Share

Executive compensation seems to be getting more complex every year. With good reason. Compensation committees want to align executive compensation with healthy behaviors that benefit the company, employees, and shareholders.

So, how can companies best manage executive plans to get the desired results?

Some recent research suggests there is a risk in elaborate executive compensation plans, yet stakeholders still need a way to ensure senior leaders are aligned with company goals. If companies don’t want to compromise on their objectives, then they need a way to effectively manage complex executive compensation.

Better compensation management systems can allow executive plans to be as sophisticated as needed to deliver results across all objectives.

Achieving goals with executive compensation

The goal of executive compensation, generally, is to tie the rewards for executives to the performance of the company, so that executives prosper when the company meets its goals. New SEC regulations in fact require detailed disclosure of the relationship between executive pay and company financial performance. 

Beyond base pay and benefits, and sometimes short-term incentives, executive plans typically contain long-term incentives like stock, options, or deferred cash compensation. These rewards can be tied to both financial and non-financial goals.

Research published by the Darden Business School in April 2022 quantified and analyzed executive compensation complexity. Analyzing data from approximately 1,700 firms operating in the U.S. from 2006–2019, the researchers found that contract complexity increased over that time span.

According to the study, “These data suggest that the increased complexity over time is driven by firms incorporating more performance measures, more periods, and both absolute and relative performance conditions in later years.” Shareholders want to be sure their pay is yielding performance, not just in share price but in the company’s broader objectives.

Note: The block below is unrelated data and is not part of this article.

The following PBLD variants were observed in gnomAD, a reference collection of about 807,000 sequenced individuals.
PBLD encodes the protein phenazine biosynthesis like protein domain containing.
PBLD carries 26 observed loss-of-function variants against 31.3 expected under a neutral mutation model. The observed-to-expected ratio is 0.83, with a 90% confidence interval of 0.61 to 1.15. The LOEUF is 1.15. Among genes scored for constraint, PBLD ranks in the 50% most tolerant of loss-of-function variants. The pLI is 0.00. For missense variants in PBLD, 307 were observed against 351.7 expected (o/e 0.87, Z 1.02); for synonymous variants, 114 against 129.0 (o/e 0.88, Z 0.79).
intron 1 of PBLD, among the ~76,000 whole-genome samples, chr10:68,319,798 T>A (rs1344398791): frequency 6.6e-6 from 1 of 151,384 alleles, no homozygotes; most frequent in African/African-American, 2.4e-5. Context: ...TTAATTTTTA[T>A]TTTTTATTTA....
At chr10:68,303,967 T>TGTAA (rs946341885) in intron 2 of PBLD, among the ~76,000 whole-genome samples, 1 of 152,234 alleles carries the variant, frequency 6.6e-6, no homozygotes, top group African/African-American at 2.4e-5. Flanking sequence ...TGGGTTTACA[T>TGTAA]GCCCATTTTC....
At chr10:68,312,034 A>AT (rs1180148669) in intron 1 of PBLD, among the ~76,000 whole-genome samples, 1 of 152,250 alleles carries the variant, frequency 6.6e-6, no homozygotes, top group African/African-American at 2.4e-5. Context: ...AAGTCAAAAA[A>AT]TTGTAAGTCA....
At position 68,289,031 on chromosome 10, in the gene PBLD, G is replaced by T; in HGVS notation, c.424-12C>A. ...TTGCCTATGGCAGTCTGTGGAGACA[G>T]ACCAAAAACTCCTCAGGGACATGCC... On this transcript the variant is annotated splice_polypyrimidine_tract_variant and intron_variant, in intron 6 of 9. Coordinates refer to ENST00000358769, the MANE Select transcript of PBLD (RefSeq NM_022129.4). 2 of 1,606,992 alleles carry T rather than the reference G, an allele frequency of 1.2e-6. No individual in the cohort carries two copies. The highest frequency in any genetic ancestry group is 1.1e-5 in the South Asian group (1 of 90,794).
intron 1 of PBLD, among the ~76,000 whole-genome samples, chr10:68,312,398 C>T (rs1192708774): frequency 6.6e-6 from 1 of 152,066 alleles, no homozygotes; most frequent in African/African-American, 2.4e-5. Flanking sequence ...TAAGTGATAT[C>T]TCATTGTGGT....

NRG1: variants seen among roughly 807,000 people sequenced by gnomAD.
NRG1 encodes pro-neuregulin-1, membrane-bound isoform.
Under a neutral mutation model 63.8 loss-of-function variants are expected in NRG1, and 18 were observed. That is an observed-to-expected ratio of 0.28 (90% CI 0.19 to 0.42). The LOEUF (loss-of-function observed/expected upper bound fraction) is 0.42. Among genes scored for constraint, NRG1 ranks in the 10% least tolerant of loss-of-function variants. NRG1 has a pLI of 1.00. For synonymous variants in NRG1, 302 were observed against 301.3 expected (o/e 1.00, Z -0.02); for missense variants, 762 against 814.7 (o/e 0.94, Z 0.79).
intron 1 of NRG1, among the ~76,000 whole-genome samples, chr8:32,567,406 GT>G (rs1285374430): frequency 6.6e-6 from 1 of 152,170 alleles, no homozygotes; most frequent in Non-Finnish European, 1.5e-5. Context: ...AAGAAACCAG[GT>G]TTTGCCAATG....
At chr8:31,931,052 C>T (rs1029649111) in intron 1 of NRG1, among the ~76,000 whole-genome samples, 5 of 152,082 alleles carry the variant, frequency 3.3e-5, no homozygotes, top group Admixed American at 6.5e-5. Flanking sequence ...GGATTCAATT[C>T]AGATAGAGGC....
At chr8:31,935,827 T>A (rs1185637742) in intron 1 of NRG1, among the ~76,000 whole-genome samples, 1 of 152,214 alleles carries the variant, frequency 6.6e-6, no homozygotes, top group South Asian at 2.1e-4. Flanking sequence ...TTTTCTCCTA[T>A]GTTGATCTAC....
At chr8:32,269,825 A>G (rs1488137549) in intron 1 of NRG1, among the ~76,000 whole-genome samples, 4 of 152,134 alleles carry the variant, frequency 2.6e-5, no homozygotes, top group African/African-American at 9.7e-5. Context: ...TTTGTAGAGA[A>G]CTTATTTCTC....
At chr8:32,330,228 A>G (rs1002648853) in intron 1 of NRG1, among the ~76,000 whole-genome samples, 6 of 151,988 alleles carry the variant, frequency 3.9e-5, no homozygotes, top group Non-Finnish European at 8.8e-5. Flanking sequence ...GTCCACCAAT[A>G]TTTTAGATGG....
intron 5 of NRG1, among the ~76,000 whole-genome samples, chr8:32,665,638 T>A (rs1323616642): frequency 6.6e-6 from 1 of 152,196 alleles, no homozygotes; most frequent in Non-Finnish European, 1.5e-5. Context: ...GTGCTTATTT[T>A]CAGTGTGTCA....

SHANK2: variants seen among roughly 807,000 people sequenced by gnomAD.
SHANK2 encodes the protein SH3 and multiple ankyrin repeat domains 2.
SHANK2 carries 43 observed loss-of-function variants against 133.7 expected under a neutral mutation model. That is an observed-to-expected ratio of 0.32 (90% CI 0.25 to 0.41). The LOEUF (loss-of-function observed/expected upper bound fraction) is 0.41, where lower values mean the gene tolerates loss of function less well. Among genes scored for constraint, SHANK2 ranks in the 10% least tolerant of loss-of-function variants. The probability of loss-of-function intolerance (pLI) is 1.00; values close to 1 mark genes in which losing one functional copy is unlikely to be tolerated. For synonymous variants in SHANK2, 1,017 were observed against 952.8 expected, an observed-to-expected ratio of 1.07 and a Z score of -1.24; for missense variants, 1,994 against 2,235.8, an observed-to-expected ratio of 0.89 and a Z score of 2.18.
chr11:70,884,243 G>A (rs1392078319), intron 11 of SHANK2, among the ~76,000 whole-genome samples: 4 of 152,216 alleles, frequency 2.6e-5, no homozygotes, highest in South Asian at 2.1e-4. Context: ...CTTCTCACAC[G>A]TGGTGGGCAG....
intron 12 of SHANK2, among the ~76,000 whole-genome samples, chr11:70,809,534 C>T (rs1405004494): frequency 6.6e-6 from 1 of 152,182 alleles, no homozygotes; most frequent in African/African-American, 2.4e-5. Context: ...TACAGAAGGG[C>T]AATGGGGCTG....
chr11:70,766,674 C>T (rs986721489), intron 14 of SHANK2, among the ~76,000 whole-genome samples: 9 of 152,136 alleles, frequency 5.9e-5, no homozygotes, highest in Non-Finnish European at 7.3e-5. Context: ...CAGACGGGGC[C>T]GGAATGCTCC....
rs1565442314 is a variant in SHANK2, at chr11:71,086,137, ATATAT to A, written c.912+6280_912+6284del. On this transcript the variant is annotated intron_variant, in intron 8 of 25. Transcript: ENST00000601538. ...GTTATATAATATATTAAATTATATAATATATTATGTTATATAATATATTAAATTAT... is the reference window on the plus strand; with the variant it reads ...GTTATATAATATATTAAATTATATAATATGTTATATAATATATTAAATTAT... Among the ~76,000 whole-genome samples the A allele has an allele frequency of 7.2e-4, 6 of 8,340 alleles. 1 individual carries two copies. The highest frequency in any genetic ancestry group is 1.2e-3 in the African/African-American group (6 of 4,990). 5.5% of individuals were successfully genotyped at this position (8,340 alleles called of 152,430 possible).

What makes compensation contracts more complex?

The research identified several characteristics that correlate with more complex executive pay:

  • Size. The larger and more complex the firm, the more moving parts need to be managed, each with its own goals and measures. What works for an SMB won’t work for a large enterprise.
  • Growth opportunities. Leveraging opportunities may require more and different drivers than simply a rise in stock price, such as research, innovation, and human capital development. For example, firms with more R&D typically have more complex executive compensation contracts.

  • Volatility of business operations. In volatile businesses or markets, the stock price may not be an accurate indicator of CEO performance, and more measures are needed to determine if the company is moving in the right direction.

  • Sophistication of business operations. Where the business structure is complex, such as in a multinational conglomerate, or where there is significant merger and acquisition activity, compensation may need to be more complex as well.

Should executive compensation be simplified?

Executive comp becomes complex as companies become more granular in managing executive priorities to ensure that a wide range of goals are met. Including many objectives in the mix is supposed to ensure that execs don’t lose sight of the whole balanced scorecard of company goals. 

But, the research shows that too many objectives and incentives can cause executives to lose focus, and company performance can actually suffer if some priorities get ignored. “More complexity in the contract can obscure how the payouts are achieved…[and] can lower executive performance if it makes it harder to focus on any one individual goal due to information overload.”